Solidarity Forever

Words by Ralph Chaplin; tune "Battle Hymn of the Republic," 1915

What was happening in the labor movement in 1915 when this song was written?

How would you describe the emotional tone of this song? Angry, indignant, righteous, enraged, entitled, etc.

Who are "they" in verse 3? Why did the singers of this song feel opposed to them?

What "power" did the unions have? To organize, to work only when wages and conditions were fair. In what ways did they organize and fight? When they used their power, how did the "bosses" respond? How successful were unions around 1915?

When did unions finally see progress? What opened the door to collective bargaining and better conditions? What work conditions today were won by unions? 8-hr. day, 5-day week, workmen's compensation, minimum wage. Did workers ever manage to "master and own" the companies they worked for? Where? Employee-owned companies.

What tune did the author set his song to? "Battle Hymn of the Republic." Was this a good choice? Why or why not? How does the tune affect the song's meaning?

"Solidarity Forever" performed by Pete Seeger on If I Had a Hammer: Songs of Hope and Struggle, Smithsonian Folkways, © 1998. Available on iTunes, Spotify, and YouTube.

Pete Seeger (1919–2014) made this recording with the Alamanac Singers, who hum behind the verses and join in the chorus, to show that they are united in their strength. Like all of Seeger's political recordings, it is sung with great conviction.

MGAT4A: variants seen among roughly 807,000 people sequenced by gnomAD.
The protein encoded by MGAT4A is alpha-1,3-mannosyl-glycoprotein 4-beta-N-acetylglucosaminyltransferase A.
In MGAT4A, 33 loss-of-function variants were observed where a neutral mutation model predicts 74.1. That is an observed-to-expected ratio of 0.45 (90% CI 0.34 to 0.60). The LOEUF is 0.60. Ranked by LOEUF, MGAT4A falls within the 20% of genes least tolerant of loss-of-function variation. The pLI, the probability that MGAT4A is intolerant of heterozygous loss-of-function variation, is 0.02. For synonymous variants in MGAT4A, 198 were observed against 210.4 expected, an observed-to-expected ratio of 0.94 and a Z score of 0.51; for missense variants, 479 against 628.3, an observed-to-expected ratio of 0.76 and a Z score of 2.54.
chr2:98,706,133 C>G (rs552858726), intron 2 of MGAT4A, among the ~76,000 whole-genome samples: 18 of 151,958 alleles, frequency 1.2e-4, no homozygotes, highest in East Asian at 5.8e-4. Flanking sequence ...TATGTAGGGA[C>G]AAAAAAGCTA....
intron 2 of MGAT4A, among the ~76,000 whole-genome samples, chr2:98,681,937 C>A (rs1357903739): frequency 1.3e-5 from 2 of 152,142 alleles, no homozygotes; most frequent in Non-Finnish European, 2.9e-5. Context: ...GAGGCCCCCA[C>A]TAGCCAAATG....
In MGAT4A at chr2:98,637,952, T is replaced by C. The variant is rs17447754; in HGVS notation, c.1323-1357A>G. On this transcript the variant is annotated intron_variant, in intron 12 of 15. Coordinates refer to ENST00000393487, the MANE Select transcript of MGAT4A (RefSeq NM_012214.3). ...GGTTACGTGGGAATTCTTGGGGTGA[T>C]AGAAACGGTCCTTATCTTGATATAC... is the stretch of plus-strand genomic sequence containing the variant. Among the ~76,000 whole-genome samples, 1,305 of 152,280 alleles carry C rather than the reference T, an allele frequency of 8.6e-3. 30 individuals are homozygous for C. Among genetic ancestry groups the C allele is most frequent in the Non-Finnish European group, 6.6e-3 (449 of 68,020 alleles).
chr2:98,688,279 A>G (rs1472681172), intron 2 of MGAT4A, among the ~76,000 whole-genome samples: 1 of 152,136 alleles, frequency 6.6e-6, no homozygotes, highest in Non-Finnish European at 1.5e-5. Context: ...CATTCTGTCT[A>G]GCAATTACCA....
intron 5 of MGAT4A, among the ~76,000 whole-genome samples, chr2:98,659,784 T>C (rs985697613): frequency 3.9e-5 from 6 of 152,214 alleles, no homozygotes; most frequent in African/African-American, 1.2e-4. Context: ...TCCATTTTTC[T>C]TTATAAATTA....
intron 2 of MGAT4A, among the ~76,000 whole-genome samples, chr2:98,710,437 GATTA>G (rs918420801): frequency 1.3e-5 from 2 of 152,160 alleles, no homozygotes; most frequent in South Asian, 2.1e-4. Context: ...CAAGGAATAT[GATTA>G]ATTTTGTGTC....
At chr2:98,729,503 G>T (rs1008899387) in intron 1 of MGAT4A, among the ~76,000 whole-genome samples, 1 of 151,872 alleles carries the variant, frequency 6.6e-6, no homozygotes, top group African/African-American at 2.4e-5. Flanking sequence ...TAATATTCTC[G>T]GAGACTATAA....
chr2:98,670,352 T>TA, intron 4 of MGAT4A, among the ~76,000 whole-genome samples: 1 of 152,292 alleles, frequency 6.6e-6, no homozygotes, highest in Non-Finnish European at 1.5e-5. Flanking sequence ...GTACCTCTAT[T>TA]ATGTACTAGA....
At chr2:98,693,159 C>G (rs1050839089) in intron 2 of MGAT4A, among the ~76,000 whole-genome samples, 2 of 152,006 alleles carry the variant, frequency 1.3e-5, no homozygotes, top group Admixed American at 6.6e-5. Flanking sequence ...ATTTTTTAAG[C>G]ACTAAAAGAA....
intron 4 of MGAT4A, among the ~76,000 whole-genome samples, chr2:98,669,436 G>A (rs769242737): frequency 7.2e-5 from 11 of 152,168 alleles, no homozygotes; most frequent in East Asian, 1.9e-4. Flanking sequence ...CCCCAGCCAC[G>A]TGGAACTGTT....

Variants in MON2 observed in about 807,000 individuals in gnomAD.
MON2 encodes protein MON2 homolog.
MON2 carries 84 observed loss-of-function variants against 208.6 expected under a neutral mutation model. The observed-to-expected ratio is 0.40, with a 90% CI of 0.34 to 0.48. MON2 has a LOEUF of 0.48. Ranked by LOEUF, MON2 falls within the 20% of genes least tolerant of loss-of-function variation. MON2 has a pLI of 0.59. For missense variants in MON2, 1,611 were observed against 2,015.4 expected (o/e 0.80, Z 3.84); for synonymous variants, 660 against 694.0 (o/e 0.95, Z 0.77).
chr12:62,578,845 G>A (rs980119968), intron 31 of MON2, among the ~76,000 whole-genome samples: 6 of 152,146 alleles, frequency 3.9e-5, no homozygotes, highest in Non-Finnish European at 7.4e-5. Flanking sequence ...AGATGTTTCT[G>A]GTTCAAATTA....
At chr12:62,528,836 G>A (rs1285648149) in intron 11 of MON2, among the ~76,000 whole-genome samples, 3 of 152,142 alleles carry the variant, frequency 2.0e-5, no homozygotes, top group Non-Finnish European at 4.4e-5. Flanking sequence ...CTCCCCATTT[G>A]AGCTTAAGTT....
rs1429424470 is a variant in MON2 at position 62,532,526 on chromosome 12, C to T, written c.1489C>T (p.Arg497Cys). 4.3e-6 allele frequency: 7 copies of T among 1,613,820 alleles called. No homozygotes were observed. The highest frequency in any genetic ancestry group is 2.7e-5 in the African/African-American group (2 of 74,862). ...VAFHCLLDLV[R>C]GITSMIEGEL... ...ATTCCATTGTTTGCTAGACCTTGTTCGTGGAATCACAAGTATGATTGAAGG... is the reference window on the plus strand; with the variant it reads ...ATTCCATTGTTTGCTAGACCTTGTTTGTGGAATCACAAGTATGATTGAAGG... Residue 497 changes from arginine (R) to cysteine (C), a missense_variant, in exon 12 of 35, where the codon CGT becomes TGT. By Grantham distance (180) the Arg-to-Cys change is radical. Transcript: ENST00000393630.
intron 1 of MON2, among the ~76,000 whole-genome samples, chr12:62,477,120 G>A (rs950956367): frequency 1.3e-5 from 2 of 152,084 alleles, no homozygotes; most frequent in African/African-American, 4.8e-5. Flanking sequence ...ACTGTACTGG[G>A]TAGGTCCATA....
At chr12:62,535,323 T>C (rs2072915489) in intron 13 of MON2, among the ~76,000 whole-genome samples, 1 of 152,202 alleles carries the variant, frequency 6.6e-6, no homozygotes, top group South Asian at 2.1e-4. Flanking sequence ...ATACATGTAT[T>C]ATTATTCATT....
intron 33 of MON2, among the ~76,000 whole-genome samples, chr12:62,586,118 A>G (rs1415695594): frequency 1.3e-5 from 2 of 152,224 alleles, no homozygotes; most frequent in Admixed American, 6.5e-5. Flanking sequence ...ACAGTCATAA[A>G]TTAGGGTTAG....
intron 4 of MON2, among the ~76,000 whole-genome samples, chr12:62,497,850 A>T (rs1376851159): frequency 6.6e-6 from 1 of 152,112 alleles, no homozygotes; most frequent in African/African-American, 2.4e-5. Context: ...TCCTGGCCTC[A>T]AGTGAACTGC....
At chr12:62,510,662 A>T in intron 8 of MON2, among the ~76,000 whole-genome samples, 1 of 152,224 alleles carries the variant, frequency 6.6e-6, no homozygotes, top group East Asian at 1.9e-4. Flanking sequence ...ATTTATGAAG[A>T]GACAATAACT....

View the music and lyrics for "Solidarity Forever."

Ralph Chaplin (1887–1961) was a famous poet, artist, writer, and organizer for the Industrial Workers of the World. He joined the I.W.W., known as "Wobblies," in 1913 and became one of the premier writers in the organization. Chaplin published his autobiography, Wobbly, in 1948.

I.W.W. Little Red Songbook
International Workers of the World Little Red Songbook.

The idea for this song came to him while he was in West Virginia helping the coal miners in the great Kanawha Valley strike, in January of 1915. Chaplin's use of the tune "Battle Hymn of the Republic" (Unit 4) gives this song the feeling of a rallying cry to energize audiences by fostering a connection with religion, patriotism and the Civil War.

"Solidarity Forever" remained an anthem of the labor movement through the middle of the twentieth century. The idea behind this song gave rise to later workers' struggles, most notably the trade-union uprising in Poland beginning in 1980 that overthrew the Communist regime in 1989.



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